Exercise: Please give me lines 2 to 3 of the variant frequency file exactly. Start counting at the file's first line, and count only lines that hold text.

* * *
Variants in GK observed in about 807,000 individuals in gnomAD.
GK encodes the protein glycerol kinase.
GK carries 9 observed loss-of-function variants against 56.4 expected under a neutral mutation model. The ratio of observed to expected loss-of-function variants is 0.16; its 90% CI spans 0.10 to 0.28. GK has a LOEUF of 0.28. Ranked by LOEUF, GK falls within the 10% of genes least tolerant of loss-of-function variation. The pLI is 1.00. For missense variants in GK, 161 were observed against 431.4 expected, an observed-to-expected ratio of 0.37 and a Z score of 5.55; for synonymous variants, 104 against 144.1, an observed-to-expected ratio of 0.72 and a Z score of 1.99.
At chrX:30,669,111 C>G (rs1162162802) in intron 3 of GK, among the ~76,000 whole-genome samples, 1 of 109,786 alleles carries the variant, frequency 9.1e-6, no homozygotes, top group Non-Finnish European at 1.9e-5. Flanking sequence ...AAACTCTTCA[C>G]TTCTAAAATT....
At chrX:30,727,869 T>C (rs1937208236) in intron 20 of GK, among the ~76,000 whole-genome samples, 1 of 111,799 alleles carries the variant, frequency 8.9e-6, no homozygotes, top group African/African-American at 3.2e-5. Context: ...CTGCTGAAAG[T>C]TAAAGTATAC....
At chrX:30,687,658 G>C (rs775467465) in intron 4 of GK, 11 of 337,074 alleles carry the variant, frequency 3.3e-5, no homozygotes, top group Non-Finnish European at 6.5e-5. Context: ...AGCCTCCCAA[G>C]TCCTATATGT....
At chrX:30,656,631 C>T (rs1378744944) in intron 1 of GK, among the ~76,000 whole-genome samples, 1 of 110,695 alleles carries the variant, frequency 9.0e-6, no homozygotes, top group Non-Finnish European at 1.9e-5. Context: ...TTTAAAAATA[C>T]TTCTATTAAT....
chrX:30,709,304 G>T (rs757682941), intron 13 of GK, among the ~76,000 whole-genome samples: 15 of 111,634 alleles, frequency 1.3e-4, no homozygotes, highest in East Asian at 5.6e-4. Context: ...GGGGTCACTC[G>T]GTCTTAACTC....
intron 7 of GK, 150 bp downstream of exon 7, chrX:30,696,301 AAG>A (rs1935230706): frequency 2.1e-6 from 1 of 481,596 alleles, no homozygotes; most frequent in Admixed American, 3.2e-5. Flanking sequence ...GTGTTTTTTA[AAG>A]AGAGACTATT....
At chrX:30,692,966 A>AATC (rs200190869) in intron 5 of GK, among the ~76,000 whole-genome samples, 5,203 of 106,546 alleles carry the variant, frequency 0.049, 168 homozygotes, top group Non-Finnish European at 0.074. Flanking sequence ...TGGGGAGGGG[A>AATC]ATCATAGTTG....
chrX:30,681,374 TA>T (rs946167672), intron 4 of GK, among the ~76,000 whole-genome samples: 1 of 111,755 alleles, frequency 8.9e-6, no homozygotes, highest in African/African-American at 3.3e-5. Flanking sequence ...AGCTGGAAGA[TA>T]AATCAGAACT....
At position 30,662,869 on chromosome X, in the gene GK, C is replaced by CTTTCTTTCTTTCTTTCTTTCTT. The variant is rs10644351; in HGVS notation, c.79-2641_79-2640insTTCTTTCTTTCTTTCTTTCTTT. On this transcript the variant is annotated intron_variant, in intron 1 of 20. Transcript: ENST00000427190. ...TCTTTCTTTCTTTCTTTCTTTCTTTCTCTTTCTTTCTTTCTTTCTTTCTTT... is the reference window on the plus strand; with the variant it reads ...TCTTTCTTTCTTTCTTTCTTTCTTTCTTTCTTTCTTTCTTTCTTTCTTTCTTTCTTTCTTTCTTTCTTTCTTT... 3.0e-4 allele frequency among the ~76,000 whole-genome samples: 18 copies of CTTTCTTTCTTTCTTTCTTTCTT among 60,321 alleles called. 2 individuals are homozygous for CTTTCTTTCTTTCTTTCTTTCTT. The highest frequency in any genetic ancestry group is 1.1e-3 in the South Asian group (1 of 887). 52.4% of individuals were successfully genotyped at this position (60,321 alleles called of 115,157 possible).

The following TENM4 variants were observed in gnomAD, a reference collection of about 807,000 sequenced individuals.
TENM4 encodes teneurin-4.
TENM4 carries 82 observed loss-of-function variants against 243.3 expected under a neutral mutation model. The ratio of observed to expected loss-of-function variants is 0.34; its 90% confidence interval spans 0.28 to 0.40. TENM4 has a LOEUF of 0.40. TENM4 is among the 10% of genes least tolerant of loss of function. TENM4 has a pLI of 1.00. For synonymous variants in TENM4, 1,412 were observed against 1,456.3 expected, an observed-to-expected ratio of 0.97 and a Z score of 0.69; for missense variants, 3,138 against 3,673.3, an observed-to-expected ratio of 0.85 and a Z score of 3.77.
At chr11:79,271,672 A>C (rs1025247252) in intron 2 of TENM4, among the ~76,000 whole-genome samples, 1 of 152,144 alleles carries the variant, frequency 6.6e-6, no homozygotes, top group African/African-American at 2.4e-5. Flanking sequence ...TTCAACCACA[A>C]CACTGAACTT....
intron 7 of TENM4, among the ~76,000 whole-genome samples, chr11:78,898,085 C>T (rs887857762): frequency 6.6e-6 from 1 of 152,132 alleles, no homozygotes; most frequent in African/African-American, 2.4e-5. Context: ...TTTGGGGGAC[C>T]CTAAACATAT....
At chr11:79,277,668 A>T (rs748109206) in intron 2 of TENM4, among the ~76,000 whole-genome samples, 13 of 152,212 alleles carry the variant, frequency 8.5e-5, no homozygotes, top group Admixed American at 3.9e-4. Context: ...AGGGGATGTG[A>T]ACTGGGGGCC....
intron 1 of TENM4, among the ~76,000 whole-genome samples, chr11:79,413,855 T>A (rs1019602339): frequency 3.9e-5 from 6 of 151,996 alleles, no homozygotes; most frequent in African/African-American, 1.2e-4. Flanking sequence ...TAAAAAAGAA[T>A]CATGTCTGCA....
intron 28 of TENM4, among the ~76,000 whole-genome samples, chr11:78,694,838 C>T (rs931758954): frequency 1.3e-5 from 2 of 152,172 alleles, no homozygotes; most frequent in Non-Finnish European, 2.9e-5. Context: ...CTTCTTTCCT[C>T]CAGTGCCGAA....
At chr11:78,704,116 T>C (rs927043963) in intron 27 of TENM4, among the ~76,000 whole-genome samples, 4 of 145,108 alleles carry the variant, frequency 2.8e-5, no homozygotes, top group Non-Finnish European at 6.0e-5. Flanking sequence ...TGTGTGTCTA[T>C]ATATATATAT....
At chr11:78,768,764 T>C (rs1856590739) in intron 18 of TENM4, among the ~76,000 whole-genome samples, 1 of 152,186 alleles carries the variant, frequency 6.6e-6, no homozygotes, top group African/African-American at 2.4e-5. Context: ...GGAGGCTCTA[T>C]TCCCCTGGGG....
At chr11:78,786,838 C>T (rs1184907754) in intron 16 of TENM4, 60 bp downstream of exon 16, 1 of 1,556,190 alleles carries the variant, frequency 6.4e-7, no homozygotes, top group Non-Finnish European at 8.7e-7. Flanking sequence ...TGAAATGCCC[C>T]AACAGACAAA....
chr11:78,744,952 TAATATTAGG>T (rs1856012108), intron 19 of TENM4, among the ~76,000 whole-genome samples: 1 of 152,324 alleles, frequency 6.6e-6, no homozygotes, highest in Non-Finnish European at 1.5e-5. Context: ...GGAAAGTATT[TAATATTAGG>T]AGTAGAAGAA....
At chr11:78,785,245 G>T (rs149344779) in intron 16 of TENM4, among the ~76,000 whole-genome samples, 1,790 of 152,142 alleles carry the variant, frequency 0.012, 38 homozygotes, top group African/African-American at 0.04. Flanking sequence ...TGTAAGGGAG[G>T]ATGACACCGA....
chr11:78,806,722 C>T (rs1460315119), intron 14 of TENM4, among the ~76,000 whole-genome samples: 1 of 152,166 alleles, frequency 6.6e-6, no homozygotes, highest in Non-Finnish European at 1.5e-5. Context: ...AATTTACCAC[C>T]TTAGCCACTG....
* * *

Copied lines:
GK encodes the protein glycerol kinase.
GK carries 9 observed loss-of-function variants against 56.4 expected under a neutral mutation model. The ratio of observed to expected loss-of-function variants is 0.16; its 90% CI spans 0.10 to 0.28. GK has a LOEUF of 0.28. Ranked by LOEUF, GK falls within the 10% of genes least tolerant of loss-of-function variation. The pLI is 1.00. For missense variants in GK, 161 were observed against 431.4 expected, an observed-to-expected ratio of 0.37 and a Z score of 5.55; for synonymous variants, 104 against 144.1, an observed-to-expected ratio of 0.72 and a Z score of 1.99.